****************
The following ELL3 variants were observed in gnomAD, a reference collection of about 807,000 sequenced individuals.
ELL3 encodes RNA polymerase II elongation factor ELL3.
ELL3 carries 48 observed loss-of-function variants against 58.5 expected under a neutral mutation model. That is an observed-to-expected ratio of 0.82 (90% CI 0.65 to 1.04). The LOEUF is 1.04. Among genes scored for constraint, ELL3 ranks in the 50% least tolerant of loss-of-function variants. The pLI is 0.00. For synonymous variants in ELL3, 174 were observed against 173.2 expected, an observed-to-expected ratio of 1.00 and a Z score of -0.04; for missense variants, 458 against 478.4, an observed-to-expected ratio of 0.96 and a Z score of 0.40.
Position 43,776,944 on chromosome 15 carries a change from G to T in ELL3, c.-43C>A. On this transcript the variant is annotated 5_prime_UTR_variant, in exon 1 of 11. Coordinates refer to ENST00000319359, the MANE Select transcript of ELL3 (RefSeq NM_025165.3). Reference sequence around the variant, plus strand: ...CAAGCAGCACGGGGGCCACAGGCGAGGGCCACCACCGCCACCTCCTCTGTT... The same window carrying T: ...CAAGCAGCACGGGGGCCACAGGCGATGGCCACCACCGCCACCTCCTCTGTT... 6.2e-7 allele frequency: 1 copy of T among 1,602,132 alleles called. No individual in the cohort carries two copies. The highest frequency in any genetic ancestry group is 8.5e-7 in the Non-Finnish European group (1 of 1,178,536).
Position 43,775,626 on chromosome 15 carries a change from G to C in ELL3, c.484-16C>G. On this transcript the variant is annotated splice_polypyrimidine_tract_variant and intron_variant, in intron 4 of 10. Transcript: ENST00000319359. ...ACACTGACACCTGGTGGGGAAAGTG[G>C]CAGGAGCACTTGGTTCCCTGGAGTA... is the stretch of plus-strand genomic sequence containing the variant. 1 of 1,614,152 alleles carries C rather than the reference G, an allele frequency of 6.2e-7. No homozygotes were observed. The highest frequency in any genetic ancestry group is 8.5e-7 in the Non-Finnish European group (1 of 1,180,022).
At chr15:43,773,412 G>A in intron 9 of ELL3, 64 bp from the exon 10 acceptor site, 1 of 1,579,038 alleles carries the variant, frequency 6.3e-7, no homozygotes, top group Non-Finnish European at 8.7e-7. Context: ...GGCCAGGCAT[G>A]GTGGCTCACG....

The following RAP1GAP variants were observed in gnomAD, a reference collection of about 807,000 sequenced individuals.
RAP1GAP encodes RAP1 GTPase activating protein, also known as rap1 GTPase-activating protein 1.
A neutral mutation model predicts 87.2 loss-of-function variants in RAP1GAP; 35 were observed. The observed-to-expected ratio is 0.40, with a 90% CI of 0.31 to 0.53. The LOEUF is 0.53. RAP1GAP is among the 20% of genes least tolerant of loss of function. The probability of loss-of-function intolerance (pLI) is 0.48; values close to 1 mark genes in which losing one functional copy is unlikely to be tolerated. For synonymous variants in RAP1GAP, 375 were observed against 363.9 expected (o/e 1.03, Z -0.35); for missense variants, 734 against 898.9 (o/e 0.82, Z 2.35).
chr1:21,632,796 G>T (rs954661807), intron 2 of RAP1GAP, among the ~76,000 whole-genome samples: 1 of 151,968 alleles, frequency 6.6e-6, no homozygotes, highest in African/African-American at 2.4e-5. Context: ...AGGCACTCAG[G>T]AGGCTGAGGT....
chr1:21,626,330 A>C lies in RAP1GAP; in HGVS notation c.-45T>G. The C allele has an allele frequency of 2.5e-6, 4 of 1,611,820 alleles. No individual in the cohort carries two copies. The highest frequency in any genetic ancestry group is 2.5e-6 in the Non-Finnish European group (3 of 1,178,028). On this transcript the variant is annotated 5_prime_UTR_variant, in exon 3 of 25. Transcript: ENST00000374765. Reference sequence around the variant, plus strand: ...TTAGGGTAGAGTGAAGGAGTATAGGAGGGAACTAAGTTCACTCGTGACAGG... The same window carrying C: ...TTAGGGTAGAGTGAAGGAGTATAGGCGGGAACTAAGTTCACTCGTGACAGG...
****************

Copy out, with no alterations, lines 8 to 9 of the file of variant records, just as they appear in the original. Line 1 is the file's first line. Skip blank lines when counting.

RAP1GAP encodes RAP1 GTPase activating protein, also known as rap1 GTPase-activating protein 1.
A neutral mutation model predicts 87.2 loss-of-function variants in RAP1GAP; 35 were observed. The observed-to-expected ratio is 0.40, with a 90% CI of 0.31 to 0.53. The LOEUF is 0.53. RAP1GAP is among the 20% of genes least tolerant of loss of function. The probability of loss-of-function intolerance (pLI) is 0.48; values close to 1 mark genes in which losing one functional copy is unlikely to be tolerated. For synonymous variants in RAP1GAP, 375 were observed against 363.9 expected (o/e 1.03, Z -0.35); for missense variants, 734 against 898.9 (o/e 0.82, Z 2.35).